Health Care: Part Of A Balanced Diet
These days, looking for attractive health-care stocks feels like trolling the dregs at the bottom of a fruit stand — every apple has a couple bruises.
The S&P 1500 Health Care Sector Index has returned 3.8% over the past year, versus a loss of 1.6% for the broader index. But the average health-care stock in the index posted a negative return of 5%. The outperformance of the market-cap-weighted index was driven by a fairly small number of large stocks — most notably those in the drug and biotechnology groups, which combine to make up nearly 60% of the sector's stock-market capitalization.
Over the last year, the average drug stock in the index returned 17%, while biotech stocks delivered 6% returns. In all but one of the other health-care industries, stocks averaged negative 12-month returns.
Patent expirations, regulatory roadblocks, and declining reimbursement rates drag on the health sector. Wall Street's concerns are legitimate but don't negate long-term, overarching themes that still lean in the sector's favor: the aging population, longer life spans, and a rising emphasis on diagnosing diseases early.
Historically, a value-oriented approach has worked best with health-care stocks. In 12-month periods since 1994, the top one-fifth of S&P 1500 health stocks as measured by QuadrixÂ® Value score outperformed the average stock in the sector by an average of 2.3%. No other Quadrix scores delivered such outperformance.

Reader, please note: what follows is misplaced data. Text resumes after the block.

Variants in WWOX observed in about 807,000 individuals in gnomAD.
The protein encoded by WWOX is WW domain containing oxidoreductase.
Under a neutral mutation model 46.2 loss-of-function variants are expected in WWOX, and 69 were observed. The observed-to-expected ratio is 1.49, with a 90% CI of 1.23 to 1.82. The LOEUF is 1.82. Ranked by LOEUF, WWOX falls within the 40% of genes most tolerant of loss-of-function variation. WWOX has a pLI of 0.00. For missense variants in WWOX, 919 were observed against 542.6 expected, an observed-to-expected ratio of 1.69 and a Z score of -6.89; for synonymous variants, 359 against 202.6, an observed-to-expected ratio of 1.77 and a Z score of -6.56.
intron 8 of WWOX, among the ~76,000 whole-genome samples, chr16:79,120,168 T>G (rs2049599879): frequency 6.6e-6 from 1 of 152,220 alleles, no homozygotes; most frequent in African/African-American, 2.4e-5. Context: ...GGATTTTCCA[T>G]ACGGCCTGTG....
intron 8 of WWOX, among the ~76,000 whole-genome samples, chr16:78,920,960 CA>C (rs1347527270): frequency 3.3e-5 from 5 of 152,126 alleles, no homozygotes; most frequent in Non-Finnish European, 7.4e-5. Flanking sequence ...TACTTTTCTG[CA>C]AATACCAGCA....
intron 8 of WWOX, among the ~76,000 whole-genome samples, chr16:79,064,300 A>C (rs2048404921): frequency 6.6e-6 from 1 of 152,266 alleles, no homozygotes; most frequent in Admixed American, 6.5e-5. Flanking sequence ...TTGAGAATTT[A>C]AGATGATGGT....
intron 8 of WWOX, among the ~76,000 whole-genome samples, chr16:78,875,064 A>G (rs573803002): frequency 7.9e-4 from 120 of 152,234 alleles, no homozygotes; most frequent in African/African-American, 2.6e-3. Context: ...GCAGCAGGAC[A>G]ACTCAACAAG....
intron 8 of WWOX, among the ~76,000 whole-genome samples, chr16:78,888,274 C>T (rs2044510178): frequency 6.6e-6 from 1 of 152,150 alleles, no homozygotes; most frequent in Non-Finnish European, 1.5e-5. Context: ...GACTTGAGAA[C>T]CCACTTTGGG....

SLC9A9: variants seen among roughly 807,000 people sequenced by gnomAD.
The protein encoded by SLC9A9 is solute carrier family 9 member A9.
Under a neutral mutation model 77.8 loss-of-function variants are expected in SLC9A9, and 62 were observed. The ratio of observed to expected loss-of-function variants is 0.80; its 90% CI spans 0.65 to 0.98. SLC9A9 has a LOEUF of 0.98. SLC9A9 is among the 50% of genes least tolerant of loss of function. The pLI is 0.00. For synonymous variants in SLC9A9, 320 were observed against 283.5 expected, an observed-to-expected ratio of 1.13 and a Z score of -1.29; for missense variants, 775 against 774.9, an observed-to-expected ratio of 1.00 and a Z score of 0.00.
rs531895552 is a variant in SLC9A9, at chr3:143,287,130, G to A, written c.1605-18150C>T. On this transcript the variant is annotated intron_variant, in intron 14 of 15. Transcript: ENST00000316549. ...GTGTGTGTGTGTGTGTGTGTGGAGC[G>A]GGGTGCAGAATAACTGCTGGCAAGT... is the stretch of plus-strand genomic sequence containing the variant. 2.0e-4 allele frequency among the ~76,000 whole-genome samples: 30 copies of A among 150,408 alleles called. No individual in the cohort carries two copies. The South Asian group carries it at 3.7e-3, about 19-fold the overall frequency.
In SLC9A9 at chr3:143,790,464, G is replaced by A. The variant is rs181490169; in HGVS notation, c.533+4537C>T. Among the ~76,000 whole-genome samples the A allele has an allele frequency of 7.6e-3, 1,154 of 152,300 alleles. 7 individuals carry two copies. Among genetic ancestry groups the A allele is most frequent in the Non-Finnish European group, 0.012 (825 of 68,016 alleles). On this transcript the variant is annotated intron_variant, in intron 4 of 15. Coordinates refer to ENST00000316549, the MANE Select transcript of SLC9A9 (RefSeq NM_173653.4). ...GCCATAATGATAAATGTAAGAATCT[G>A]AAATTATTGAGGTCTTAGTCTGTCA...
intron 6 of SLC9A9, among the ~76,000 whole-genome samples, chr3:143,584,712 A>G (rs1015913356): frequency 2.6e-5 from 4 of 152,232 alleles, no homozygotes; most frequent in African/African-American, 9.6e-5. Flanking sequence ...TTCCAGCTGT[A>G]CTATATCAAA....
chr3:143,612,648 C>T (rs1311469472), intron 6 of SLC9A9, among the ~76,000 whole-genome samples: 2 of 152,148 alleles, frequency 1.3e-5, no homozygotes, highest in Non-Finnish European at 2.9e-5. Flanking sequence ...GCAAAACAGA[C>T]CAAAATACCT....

But the picture has changed over the last two years, with Momentum, Earnings Estimates, and Performance scores enjoying strong predictive power. In the last 24 rolling 12-month periods, the top quintile of health-care stocks in the S&P 1500 Index by Overall score has outperformed the average stock in the sector by an average of 4.9%, while portfolios of top scorers in five of the six category scores delivered at least 1% outperformance.
While both growth and value metrics currently work in health care, investors need not use just one strategy. Many health-care stocks, including most of those in the table below, offer solid growth potential at an attractive valuation.
As the table below shows, health-care industries vary greatly in their investment appeal. The two top-performing groups over the last 12 months (drugs and biotech) average Quadrix Overall scores above 60, but Value scores below 50. In contrast, several groups with weak 12-month returns (such as managed care, facilities, distributors, and services) earn above-average Overall and Value scores.